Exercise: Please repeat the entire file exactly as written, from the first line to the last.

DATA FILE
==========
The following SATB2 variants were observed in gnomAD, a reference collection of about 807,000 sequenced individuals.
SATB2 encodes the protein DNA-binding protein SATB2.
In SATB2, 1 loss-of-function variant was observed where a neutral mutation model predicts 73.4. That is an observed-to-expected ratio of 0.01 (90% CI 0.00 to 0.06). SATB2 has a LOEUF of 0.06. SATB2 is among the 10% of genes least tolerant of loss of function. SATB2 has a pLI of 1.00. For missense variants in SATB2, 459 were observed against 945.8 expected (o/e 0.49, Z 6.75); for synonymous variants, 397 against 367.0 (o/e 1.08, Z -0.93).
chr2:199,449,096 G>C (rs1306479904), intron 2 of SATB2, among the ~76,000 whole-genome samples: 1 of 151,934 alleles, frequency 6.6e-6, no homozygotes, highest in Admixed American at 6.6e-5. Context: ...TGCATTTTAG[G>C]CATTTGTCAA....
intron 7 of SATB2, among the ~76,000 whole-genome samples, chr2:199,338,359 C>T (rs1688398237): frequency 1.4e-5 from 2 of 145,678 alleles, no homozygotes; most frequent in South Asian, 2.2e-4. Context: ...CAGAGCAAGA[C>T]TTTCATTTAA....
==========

The following SATB2 variants were observed in gnomAD, a reference collection of about 807,000 sequenced individuals.
SATB2 encodes the protein DNA-binding protein SATB2.
In SATB2, 1 loss-of-function variant was observed where a neutral mutation model predicts 73.4. That is an observed-to-expected ratio of 0.01 (90% CI 0.00 to 0.06). SATB2 has a LOEUF of 0.06. SATB2 is among the 10% of genes least tolerant of loss of function. SATB2 has a pLI of 1.00. For missense variants in SATB2, 459 were observed against 945.8 expected (o/e 0.49, Z 6.75); for synonymous variants, 397 against 367.0 (o/e 1.08, Z -0.93).
chr2:199,449,096 G>C (rs1306479904), intron 2 of SATB2, among the ~76,000 whole-genome samples: 1 of 151,934 alleles, frequency 6.6e-6, no homozygotes, highest in Admixed American at 6.6e-5. Context: ...TGCATTTTAG[G>C]CATTTGTCAA....
intron 7 of SATB2, among the ~76,000 whole-genome samples, chr2:199,338,359 C>T (rs1688398237): frequency 1.4e-5 from 2 of 145,678 alleles, no homozygotes; most frequent in South Asian, 2.2e-4. Context: ...CAGAGCAAGA[C>T]TTTCATTTAA....